Merck said on Thursday that revenues of its experimental COVID-19 medicine may total $5 billion to $7 billion by the end of next year, including up to $1 billion this year if the treatment is approved in the United States in December.

Merck recently released data showing that its medicine molnupiravir, developed in collaboration with Ridgeback Biotherapeutics, can cut the risk of dying or being hospitalized among people who are most at risk of having severe COVID-19.

Outside advisers to the US Food and Drug Administration (FDA) will gather in November to vote on the drug's approval. It will be the first oral antiviral treatment for COVID-19 if the FDA approves it.

Merck estimates sales of the medicine to be between $500 million and $1 billion this year, according to Chief Financial Officer Caroline Litchfield.

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Litchfield informed analysts on a post-earnings teleconference that sales profits will be split evenly with Ridgeback.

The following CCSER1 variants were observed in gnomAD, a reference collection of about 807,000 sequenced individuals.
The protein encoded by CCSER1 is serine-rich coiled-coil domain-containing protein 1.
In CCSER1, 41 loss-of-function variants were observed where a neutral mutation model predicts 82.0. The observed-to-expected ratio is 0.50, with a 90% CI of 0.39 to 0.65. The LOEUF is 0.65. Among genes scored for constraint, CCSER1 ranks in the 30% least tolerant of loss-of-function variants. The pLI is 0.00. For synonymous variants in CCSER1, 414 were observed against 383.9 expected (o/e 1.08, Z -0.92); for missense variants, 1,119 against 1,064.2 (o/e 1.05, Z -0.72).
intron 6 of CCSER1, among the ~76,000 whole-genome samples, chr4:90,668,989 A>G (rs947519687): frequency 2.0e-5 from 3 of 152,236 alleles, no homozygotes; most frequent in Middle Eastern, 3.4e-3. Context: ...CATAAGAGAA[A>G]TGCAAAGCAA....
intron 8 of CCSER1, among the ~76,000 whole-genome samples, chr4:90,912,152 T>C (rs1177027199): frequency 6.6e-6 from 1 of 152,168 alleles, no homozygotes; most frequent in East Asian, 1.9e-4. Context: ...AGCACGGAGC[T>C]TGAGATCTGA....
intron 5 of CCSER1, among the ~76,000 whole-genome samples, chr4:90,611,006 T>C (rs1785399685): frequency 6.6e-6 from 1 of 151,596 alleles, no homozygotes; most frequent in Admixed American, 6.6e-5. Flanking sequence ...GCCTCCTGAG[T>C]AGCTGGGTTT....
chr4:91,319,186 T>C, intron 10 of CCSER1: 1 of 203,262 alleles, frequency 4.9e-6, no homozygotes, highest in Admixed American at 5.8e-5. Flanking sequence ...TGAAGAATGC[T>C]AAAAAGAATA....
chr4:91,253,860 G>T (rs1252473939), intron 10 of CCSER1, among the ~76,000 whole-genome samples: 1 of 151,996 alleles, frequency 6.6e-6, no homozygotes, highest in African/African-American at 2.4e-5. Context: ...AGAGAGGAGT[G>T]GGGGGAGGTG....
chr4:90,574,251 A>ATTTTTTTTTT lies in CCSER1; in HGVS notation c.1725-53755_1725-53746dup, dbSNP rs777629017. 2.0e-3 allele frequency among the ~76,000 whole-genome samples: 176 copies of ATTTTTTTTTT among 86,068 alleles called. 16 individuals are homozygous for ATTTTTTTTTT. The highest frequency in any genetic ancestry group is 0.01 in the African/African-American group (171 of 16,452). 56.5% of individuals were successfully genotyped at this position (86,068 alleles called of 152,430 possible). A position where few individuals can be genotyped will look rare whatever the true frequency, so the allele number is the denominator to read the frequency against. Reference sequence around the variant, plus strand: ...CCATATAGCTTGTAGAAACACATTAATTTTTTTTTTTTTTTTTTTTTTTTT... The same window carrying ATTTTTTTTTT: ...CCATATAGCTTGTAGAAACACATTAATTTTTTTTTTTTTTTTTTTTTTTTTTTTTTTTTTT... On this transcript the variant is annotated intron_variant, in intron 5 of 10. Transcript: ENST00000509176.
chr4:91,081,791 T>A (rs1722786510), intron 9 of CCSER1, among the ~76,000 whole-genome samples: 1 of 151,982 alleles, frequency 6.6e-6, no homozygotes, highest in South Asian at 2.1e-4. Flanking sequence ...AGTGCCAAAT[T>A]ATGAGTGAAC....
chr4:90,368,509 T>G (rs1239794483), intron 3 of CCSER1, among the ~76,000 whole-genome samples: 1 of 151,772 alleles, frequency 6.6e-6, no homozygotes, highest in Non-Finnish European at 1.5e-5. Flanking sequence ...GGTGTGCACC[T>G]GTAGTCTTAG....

In June, the US manufacturer promised to offer the US government 1.7 million doses of molnupiravir for about $1.2 billion once it had been licensed by regulators.
Since its data was released earlier this month, Merck has made agreements with a number of countries. Merck also upped its full-year adjusted profit on Thursday, owing to robust demand for its blockbuster cancer medicine Keytruda.

In the third quarter, sales of Keytruda, which is on course to become the world's best-selling medicine by 2023, increased by 22%, easily outperforming analysts' expectations.

Merck forecasts adjusted profit to be between $5.65 and $5.70 per share for the entire year, up from $5.47 to $5.57 previously. Molnupiravir's potential contribution was not factored into the estimates.

Merck's stock jumped 1.5% to $82.76 before the opening bell after the firm reported a 55 % increase in third-quarter net income to $4.57 billion. Merck earned $1.75 per share after one-time items, surpassing predictions of $1.55.